QuarkXpress 10 and 2015 - talk to me

So I’ve used pretty much every page and publication tool out there, most to fully professional levels, and like a huge part of the industry I now use InDesign as my day-in, day-out tool.

The one tool among a dozen that I never had to use more than briefly was QuarkXpress. It was Mac-only, then it was an aging port, then it was more or less sidelined by developments in other tools. I know it’s always held onto some segments and has a dedicated user base, but…

I have a potentially long-term client that’s produced a magazine on QXP for more than a decade. Their three regular production people are all daily users. They are about to upgrade to v10 and then to 2015 - or something a bit like that - and my first round of tasks for them would be overseeing the update of a huge library of templates and boilerplate. Supposedly 2015 has a good conversion tool but docs need to be opened, checked and touched up before the conversion can be trusted.

Okay. Great. Boring but that’s the breaks. I’ve done this before. (Ask me about converting 2,000 technical documents from Ventura to FrameMaker some time.)

So: my impression is that Quark is the WordPerfect of the trade; once mighty, now subsisting on bread crumbs of a market that loves it. Did it ever get any better? Is it a sensible investment even for an established user? Or is this the moment to suggest that all the conversion and update and training and so forth be put into InDesign with a few of the magazine plug-ins?

They also have CC and know the tools - they’re just secondary. So as the hotshot expert, should I go in and do what they want done, or nudge them into rethinking the plan to move forward to a more industry-standard tool from a bigger, more reliable provider that has a better future all around?

Put more simply, is it in any way sensible for them to remain with Quark at this juncture?

Prepress superior here. I stopped updating quark after version 7. I only have one client (out of hundreds) that still uses it. Quark finally can produce acceptable pdf’s. That’s the only realistic way they can stay with it. Then, of course, you need to have pitstop or some other pdf editing tool.

I can’t believe Quark is still in business. There is no good reason to continue using it, over InDesign.

Thanks. That was pretty much my impression but I was willing to consider that I was comfy in Adobe’s lap and ignorant of other segments.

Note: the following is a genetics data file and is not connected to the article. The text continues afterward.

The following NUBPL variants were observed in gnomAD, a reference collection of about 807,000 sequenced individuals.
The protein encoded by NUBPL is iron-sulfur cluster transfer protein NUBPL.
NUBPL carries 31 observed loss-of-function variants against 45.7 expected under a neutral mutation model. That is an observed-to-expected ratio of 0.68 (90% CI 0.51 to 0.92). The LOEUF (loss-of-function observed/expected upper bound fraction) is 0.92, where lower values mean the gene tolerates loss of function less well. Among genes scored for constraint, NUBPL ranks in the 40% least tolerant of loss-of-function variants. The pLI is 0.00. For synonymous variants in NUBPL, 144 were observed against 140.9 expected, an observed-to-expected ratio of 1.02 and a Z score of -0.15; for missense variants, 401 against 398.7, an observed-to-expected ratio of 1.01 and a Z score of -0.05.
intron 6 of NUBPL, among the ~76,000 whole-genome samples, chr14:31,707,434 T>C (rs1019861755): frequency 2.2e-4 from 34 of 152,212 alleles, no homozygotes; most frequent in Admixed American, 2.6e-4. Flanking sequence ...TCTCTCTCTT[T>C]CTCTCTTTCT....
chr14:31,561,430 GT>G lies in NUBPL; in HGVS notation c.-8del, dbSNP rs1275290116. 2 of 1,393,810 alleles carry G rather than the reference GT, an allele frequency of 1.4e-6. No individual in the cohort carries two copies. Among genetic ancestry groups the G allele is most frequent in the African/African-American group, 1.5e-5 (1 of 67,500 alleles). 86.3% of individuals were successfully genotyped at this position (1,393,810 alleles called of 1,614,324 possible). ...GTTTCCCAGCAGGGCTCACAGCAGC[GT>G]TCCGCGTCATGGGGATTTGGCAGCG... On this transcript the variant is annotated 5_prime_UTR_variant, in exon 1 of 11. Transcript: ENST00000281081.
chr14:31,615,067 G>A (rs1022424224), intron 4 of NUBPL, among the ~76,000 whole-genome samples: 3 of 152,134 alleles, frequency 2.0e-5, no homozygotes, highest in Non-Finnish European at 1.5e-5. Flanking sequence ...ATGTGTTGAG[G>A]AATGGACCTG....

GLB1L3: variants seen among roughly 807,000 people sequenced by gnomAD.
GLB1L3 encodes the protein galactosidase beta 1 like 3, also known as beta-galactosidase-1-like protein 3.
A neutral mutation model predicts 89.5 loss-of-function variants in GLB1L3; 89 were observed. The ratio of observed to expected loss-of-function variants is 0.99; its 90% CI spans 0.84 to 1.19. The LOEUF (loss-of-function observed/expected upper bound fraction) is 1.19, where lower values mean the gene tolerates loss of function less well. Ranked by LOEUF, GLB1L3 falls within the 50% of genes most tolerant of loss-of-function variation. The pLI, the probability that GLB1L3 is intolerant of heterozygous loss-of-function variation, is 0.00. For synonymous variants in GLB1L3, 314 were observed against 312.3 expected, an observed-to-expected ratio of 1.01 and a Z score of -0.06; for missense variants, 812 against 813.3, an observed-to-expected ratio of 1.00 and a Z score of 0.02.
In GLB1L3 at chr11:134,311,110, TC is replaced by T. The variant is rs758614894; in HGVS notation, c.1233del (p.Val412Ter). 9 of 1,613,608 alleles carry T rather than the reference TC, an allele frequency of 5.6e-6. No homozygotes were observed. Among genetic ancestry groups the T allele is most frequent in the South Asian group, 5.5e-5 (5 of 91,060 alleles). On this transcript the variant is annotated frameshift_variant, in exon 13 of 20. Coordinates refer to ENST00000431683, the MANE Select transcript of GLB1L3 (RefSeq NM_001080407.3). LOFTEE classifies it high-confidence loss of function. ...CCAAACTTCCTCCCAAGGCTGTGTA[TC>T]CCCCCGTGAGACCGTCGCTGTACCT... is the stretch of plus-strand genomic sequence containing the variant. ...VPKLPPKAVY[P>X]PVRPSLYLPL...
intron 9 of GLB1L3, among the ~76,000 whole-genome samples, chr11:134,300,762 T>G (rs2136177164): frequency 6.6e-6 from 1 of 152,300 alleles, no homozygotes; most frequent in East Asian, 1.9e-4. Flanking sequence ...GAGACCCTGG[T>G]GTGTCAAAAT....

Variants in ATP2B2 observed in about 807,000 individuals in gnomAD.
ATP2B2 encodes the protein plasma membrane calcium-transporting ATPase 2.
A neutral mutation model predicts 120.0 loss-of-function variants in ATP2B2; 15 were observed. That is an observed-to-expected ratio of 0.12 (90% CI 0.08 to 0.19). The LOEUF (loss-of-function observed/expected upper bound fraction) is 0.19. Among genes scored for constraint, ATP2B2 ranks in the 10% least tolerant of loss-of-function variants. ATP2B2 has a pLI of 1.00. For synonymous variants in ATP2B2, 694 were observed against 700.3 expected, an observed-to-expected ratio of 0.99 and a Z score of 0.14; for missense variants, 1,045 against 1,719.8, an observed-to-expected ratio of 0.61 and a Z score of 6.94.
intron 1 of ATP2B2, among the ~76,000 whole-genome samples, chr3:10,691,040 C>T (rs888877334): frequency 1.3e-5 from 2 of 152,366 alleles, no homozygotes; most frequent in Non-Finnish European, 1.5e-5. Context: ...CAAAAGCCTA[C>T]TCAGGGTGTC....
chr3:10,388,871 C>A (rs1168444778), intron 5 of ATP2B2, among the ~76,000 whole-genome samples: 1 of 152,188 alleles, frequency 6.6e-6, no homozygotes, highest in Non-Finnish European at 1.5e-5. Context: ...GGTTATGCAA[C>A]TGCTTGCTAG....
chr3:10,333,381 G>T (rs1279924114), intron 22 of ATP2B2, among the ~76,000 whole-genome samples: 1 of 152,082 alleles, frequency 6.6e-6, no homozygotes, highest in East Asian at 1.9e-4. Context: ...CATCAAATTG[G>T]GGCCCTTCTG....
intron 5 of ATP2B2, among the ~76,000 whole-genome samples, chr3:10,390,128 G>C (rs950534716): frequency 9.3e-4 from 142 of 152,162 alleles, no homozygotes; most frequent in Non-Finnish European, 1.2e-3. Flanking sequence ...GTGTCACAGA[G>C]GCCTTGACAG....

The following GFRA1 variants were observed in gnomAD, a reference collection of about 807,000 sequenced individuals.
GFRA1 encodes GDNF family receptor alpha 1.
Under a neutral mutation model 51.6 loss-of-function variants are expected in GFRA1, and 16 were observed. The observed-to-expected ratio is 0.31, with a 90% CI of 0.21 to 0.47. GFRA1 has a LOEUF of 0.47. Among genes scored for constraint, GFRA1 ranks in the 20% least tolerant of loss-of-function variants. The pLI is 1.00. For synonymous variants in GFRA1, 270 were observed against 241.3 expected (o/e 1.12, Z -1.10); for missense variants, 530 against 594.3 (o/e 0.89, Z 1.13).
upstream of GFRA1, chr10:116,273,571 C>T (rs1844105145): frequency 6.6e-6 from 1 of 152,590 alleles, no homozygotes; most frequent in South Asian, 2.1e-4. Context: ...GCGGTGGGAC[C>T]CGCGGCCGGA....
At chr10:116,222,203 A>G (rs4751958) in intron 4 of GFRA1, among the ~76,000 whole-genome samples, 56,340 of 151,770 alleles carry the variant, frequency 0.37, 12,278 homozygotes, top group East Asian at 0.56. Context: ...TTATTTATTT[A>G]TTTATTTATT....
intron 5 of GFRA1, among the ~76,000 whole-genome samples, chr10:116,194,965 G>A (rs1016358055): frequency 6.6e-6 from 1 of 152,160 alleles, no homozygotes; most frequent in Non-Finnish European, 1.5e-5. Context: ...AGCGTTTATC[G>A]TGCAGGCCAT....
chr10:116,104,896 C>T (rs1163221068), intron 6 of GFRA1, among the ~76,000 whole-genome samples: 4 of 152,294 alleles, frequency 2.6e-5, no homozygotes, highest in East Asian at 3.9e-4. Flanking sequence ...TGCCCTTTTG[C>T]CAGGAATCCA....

It’s going to be a tough choice. It’s an established niche magazine focused on a very non-tech field, and being in Nwingland only compounds the “well, we’ve always done it this way” sensibility.

I suspect the husband and wife owner/managers would be subject to a little pressure, but their three long-time, no doubt elder ‘graphics’ people are going to balk at changes.

Have to think about whether the headaches are worth the commission.

Further thoughts about how shiny and new v2015 might be solicited.

I wish Quark was still a viable option. Adobe is becoming the Microsoft of DTP.

Why? (As OP, and as the question’s been adequately answered, we can shift gears here.)

I’ve been doing this a long, long time, and with only a few minor exceptions, every release of the toolset makes me all Christmas-morning squee-ey. InDesign is the tool I would have designed, given unlimited budget and development ability. The uber-meshing of the tools and file types has speeded my workday immensely. And very little of it is broken, marketing-driven or useless (the odd oddball experiment like Muse aside, and let’s forget about GoLive entirely).

There’s no competition for Photoshop because there’s no need for it. Next to no competition for Illustrator and DreamWeaver, ditto. No need to use any tool inferior to InDesign.

Other than general anti-monopoly and choice reasons, and the fact that these tools aren’t freeware or open source, what’s the problem?

Pricing, mainly.

Well, yeah, it’s not cheap. Except to a professional. Way, way worth $50.49 a month. (I do wish they’d throw FrameMaker in there, though.)

Also I’ve got years of quark files archived when it was the go-to layout app. Now I just have 1 workstation with quark 7 to deal with old files.

Yeah, I’ve had archives like that, most of which finally aged out and I could get rid of CorelDRAW 3 or whatever.